Jdrama Review: Koi

Iura Arata, Ishihara Satomi, Kanata RenkaThis drama special aired at the end of 2013. The drama’s subject matter, at heart, is definitely a more risqué one. Actually, in a very limited amount of time it does explore some deep social mores. Unfortunately, since it is so short, they can’t delve as far into the issues as they could have.

This drama revolves around Yano Fumiko [older version played by Harada Mieko]. She is dying of ovarian cancer when she contacts Torikai Mitsuhiko [Watabe Atsuro]. Three years earlier, Torikai had tried to interview Fumiko about a murder that happened during the United Red Army’s Asama Sanso inciden in Karuizawa. Fumiko refused to comply saying she had already paid her debt to society. With death encroaching upon her, Fumiko decides that she wishes to tell her story to Torikai. It turns out that after they had met three years prior, she had read all of the books he had written. All those years ago she had someone she had wanted to protect. Now, she has decided to tell the truth about the entire incident.

koi-00001So we flashback to the year 1971. Yano Fumiko [the younger version played by Ishihara Satomi] was a literature student who was introduced to work helping a professor in Tokyo translate a novel from English to Japanese. Fumiko starts this drama as very awkward and proper. Her life changes completely when she starts working for professor Katase Shintaro [played by Iura Arata]. She develops a very strong bond with him and his wife, Katase Hinako [Tanaka Rena]. It’s actually rather difficult to say if they had a really positive impact on her life due to the tragedy that occurs by the end of the story.

koi-00002You see, Hinako and Shintaro have an open marriage. At least, Hinako dates and sleeps with other men and Shintaro lets her do this as long as they don’t restrict his wife or hurt her. It doesn’t seem like he himself does any extramarital actives all that much. I really don’t understand open marriages which should be a union between two people, not more. If you’re going to keep doing that, why bother getting married? It’s something that never made much sense to me at all. Anywho, this relationship is very puzzling to Fumiko since Shintaro doesn’t seem to go against what his wife is doing. She does, however, come to accept Hinako’s superficial relationships with other men.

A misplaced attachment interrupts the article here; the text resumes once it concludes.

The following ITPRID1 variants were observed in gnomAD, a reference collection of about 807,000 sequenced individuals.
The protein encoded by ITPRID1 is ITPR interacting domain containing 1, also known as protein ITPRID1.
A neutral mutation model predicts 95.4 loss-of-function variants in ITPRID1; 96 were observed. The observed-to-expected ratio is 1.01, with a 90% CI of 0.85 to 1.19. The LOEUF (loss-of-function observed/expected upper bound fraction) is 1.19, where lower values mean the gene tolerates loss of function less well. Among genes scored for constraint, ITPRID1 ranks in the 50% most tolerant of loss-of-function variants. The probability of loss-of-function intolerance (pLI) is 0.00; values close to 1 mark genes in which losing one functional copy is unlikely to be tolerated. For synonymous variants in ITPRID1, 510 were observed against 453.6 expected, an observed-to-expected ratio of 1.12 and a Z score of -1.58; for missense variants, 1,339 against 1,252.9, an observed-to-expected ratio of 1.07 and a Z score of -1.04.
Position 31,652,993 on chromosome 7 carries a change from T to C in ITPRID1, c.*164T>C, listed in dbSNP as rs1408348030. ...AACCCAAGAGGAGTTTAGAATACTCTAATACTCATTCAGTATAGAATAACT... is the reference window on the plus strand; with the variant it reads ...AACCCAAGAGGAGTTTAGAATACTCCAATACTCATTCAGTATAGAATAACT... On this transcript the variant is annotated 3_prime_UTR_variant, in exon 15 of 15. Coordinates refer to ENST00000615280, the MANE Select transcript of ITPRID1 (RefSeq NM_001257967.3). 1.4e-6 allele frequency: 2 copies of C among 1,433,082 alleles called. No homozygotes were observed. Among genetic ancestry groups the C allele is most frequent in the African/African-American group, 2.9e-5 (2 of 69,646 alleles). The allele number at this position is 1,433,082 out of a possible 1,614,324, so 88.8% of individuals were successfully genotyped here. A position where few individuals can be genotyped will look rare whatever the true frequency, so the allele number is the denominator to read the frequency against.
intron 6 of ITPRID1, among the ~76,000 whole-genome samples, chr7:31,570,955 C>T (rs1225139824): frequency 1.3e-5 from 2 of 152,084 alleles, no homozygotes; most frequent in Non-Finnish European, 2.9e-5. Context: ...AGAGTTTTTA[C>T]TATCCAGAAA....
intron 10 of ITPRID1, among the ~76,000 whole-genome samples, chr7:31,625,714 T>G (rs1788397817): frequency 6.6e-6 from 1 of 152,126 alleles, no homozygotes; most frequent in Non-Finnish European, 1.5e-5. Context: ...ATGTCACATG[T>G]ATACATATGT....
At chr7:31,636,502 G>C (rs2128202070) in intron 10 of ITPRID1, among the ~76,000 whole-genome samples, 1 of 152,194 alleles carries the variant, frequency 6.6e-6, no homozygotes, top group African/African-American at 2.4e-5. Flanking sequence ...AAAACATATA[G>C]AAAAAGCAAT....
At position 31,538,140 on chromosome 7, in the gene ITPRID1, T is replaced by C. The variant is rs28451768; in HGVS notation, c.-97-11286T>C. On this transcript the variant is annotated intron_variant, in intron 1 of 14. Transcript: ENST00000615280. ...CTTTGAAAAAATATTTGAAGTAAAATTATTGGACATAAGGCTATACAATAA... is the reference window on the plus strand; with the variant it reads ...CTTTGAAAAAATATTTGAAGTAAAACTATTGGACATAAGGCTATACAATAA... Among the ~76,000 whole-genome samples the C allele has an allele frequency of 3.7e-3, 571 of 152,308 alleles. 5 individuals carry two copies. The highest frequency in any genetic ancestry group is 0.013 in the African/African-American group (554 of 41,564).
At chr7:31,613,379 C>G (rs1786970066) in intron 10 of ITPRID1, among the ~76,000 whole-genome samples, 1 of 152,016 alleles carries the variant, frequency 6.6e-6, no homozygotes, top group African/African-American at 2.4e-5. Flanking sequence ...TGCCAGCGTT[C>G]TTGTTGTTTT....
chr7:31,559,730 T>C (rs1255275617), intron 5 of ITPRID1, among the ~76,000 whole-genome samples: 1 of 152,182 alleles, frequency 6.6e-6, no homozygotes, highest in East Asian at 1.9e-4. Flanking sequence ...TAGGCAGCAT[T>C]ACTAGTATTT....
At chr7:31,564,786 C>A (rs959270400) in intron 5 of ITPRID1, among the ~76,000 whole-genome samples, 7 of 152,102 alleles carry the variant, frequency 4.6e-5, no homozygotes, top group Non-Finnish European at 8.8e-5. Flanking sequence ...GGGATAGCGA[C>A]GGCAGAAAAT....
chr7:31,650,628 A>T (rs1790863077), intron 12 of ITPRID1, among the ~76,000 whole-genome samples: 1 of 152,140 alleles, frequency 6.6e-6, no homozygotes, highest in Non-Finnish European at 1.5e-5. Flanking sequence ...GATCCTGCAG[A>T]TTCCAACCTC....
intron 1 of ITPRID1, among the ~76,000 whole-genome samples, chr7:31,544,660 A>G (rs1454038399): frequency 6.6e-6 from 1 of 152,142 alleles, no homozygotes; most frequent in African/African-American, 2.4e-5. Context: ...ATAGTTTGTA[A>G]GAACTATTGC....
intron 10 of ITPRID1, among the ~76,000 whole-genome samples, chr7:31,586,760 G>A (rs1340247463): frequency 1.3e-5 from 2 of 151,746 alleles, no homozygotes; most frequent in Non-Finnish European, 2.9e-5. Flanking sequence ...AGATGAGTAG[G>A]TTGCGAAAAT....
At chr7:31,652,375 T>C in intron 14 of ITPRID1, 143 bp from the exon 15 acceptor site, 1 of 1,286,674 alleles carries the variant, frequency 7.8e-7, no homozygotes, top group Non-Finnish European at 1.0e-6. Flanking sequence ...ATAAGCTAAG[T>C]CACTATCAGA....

That summer Fumiko accompanies the Katases to their home in Karuizawa. The summer is spent ideally until two things happen. Hinako spends the night with her long-time lover Soejima [Kazama Toru] (who is also a friend of Shintaro’s and Hinako’s first lover ever) which puts Fumiko and Shintaro home alone. The two end up sleeping together (you actually get a few real good kisses and not the horribly fake drama kisses) and Fumiko hates herself for having betrayed Hinako. She runs from the vacation home and wanders around aimlessly as she tries to get back to Tokyo (no money, no can travel). An old man ends up giving her a Japanese Quince tree which takes about 15 years to bear fruit. On her way back to the vacation home tree in hand, Fumiko is approached by Okubo Katsuya [Saito Takumi], who passed by and saw the poor girl waiting for a bus that won’t come.

Once home she storms and cries about betrayal and Hinako and Shintaro are both fine with what happened. This doesn’t strain their relationship or destroy it and in fact only deepens it, which is problematic. The three plant the quince tree and talk about Fumiko marrying eventually and bringing her children to stay with them in Karuizawa when they are older. They decide to call Okubo to take care of an electrical problem in their house. Fumiko and Shintaro go for a shooting lesson and Hinako is home alone when Okubo shows up. Right from the beginning there is something between these two and it’s something that neither Fumiko and Shintaro like. And thus summer ends in ruin and unhappiness.

Winter comes and Hinako leaves Shintaro for Okubo. The first thing Fumiko does is run to Shintaro who has destroyed his house. He then takes her to the place where he and his wife eloped to. He then explains their sad tale. His mother was raped by a noble and cast aside. He was raised by his mother’s other lover who took care of him until he died. When he meet Hinako, he thought she was just a different young woman. It turns out she was a runaway rich girl. Not just any runaway rich girl. She’s the daughter of the man who raped his mother! Thus…they are siblings!!!!!!! When Shintaro learned the truth, he brought his wife back to that stop to tell her. The conclusion the two came to was to get married despite being siblings so they can always be together. From that day on, though, they never slept together. This also explains just why they had such an open marriage and attitude. Shintaro then confesses he really felt like killing Okubo for coming in between himself and Hinako.

koi-00008So…I guess you can say that Fumiko’s dealings with the Katases unhinged her. She formed such an unhealthy attachment and wanted their special relationship to continue forever. Thus, she leaves Shintaro in the middle of the night to go to Karuizawa where Hinako ran off to be with Okubo. Fumiko pleads with Hinako who will not leave Okubo. It turns out that Hinako has even confessed her true relationship to Shintaro to Okubo who is all for Hinako’s ultimate decision to leave a relationship that can never be. Shintaro shows up to find Fumiko with his gun. She ends up calmly shooting Okubo in the stomach and when she goes for a second shot, Hinako rushes in to protect Okubo and Shintaro rushes in to protect Hinako. Thus he gets shot. That’s where Fumiko’s story to Torikai ends.

Torikai did originally start writing a book about Fumiko’s story, but decides he cannot finish it and try to publish it. Fumiko is fine with this since she wanted her story hear by someone at long last. During her storytelling, Torikai points out that Fumiko should have just left Shintaro and Hinako divorce, thus she could be with the man she loved with all of her heart. Fumiko yells that such a thing was not possible as Okubo’s existence changed everything for the worse and that was the only way out. Right. No, Torikai is right. You get that Fumiko wanted the relationship with both husband and wife to continue as always, but that can never truly happen. So it was very irrational and wrong for her to seek out Okubo to kill.